I'll go into details that I see as problematic (beginning with the why;I have a call out to the Representative's office.)  There is one interesting glaring issue that I didn't know about in the original RCW that I wonder about.  This bill is only four pages long; see if you can spot it.


Tuesday, January 20, 2015

Tuesday Open Thread

We will hear the President's thoughts in the State of the Union address tonight.

Let's hear your thoughts here.

Monday, January 19, 2015

Over Half of Public School Students are Poor

In the United States.

From the NY Times:

In a report released Friday by the Southern Education Foundation, researchers found that 51 percent of children in public schools qualified for the lunches in 2013, which means that most of them come from low-income families. By comparison, 38 percent of public school students were eligible for free or reduced-price lunches in 2000.

According to the report, which analyzed data from the National Center for Education Statistics, a majority of students in 21 states are poor. Close to two-thirds of those states are in the South, which has long had a high concentration of poor students. In Mississippi, for example, close to three-fourths of all public school students come from low-income families.

But the West also has a large and growing proportion of low-income students. Arizona, California, Hawaii and Nevada have high rates of students eligible for free or reduced-price lunches.

What say you to that, ed reformers?  Charters and vouchers and TFA going to solve this equation? 

Sunday, January 18, 2015

Huge Happenings In Public Ed Throughout the U.S.

First up, Testing

It appears that most people are in agreement - there is too much testing in this country.  (Sorry, except for Arne Duncan.)  Going to the press conference at the Senator Patty Murray event at Madrona certainly made that clear.  Senator Murray says there needs to be work to reduce the "redundant and unnecessary testing" in our schools.  (No, she wouldn't be more specific than that.)  She also said she had heard from many parents and educators that the current testing does not meet the needs of students especially around progress. 

She could not have been more clear, "NCLB is broken" and it's "no secret" that it is not working.  She said there was no disagreement about this in Congress.  

But she did say a couple of disturbing things.  One, they need "data."  Data is what is going to tell us everything we need to know about student progress.  Two, I asked her about student data privacy being included in any reworking of NCLB and she said, yes, there were many issues in education and this is one of them.  She said it is a growing concern but only seemed concerned in a general way.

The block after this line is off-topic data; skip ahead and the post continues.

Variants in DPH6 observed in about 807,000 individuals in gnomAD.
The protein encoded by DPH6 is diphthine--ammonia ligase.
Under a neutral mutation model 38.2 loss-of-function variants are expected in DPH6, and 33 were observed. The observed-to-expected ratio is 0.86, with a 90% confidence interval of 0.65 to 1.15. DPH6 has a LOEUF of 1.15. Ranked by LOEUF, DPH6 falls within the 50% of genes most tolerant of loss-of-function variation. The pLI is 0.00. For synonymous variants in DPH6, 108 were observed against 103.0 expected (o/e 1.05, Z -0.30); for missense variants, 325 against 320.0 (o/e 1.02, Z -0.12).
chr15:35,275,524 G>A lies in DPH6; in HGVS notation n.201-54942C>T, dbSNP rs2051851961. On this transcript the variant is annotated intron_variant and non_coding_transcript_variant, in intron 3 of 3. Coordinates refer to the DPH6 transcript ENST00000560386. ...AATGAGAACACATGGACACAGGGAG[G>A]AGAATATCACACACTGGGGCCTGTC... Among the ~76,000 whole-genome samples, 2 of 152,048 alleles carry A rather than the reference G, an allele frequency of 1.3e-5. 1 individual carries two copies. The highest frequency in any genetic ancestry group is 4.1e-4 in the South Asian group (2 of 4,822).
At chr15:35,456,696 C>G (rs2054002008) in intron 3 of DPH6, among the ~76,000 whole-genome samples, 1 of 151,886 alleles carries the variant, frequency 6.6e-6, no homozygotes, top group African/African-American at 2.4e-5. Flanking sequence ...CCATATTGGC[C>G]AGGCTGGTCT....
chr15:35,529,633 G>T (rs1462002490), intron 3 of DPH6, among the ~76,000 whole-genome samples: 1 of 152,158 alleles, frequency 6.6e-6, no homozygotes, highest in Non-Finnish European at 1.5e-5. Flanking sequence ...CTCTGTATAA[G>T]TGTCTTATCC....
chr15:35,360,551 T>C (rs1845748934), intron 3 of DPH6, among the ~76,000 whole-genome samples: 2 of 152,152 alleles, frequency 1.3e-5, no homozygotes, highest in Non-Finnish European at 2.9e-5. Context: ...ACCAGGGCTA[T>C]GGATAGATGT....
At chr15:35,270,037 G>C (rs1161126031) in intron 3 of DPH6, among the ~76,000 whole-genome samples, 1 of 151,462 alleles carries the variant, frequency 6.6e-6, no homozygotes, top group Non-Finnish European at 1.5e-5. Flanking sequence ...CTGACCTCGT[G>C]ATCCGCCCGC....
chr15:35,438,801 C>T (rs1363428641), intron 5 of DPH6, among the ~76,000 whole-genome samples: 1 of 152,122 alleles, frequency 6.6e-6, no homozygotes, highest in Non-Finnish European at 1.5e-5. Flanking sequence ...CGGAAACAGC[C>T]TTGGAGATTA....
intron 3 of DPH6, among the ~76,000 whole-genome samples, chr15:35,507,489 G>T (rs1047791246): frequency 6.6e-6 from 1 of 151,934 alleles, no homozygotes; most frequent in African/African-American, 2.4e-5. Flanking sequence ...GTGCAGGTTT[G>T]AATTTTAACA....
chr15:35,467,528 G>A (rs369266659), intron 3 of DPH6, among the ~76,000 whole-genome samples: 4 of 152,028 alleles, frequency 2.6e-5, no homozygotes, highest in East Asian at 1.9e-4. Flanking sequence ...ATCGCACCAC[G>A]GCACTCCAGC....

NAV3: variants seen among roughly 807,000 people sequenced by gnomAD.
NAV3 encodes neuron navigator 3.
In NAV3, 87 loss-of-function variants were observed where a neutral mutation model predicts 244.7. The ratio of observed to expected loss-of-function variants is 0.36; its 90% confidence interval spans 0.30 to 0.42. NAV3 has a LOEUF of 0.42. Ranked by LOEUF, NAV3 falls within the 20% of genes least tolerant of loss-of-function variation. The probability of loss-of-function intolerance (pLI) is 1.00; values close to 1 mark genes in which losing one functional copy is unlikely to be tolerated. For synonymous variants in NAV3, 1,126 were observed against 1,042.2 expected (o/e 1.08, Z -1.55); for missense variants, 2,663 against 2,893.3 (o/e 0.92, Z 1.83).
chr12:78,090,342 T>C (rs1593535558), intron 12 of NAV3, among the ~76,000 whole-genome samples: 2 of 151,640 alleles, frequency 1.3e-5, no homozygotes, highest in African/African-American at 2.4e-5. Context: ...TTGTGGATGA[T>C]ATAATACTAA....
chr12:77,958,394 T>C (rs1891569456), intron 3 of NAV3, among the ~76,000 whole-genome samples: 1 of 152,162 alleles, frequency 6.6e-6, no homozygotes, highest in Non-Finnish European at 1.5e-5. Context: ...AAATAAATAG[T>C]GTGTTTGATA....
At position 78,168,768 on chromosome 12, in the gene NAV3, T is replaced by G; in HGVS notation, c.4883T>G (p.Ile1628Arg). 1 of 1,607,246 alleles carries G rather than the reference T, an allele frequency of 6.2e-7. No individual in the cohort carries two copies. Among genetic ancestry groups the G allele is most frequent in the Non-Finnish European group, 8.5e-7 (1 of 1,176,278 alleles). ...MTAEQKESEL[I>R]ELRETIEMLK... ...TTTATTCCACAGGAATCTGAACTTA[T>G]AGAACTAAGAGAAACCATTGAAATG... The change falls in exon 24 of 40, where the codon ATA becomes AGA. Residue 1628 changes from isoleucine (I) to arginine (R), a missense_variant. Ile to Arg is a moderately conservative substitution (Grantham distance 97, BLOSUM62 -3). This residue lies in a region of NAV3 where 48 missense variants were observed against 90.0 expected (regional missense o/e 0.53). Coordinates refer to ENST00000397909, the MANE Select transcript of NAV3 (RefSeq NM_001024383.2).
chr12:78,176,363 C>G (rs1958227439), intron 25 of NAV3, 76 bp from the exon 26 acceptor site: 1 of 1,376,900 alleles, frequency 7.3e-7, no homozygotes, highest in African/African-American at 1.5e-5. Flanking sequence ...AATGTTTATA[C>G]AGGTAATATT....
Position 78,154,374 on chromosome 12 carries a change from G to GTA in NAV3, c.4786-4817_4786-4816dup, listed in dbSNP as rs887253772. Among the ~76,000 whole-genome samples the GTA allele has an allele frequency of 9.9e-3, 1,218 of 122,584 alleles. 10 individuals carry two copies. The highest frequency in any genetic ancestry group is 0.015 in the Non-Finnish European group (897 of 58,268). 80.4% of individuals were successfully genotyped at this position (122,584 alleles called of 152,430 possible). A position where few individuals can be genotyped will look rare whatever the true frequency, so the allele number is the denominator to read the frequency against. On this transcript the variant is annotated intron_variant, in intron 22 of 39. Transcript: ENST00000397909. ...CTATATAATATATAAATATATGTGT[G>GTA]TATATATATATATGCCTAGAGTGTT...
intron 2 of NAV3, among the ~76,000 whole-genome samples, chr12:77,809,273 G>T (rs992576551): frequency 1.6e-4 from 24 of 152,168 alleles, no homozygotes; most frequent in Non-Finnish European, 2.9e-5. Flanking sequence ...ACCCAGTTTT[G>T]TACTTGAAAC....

Stories about the rising up against testing.

Seattle Schools: What's the Plan?

A bit of a slow week at SPS, probably because of the MLK, Jr. day off.  It's a good day to reflect on issues around race relations and our district, our city, our state and our country.  Maybe a good day to go see Selma.  (I read that one student - at a sponsored viewing of the movie - had said thank you to the producers for making it because he finally learned what "MLK" stood for - meaning, the actual letters, not the man. Amazing.)

Looking over the Board agenda for the school board meeting on Wednesday, I found a compare and contrast moment.  The Times had a good story about the Creative Advance Initiative - arts in the schools program - and it's highly successful launch. 

The Creative Advantage Initiative, a program paid for by the city of Seattle, Seattle Public Schools and the private Seattle Foundation, this school year helped 1,659 students in about 12 schools — mostly in the central part of the city — who wouldn’t otherwise have received regular music instruction.

Next year, the group will help 10 more schools offer arts and music classes. In general, schools in the program are able to hire more arts teachers and buy supplies, but they also get about $7,500 a year to hire artists or connect with organizations from the community, like the symphony or ballet.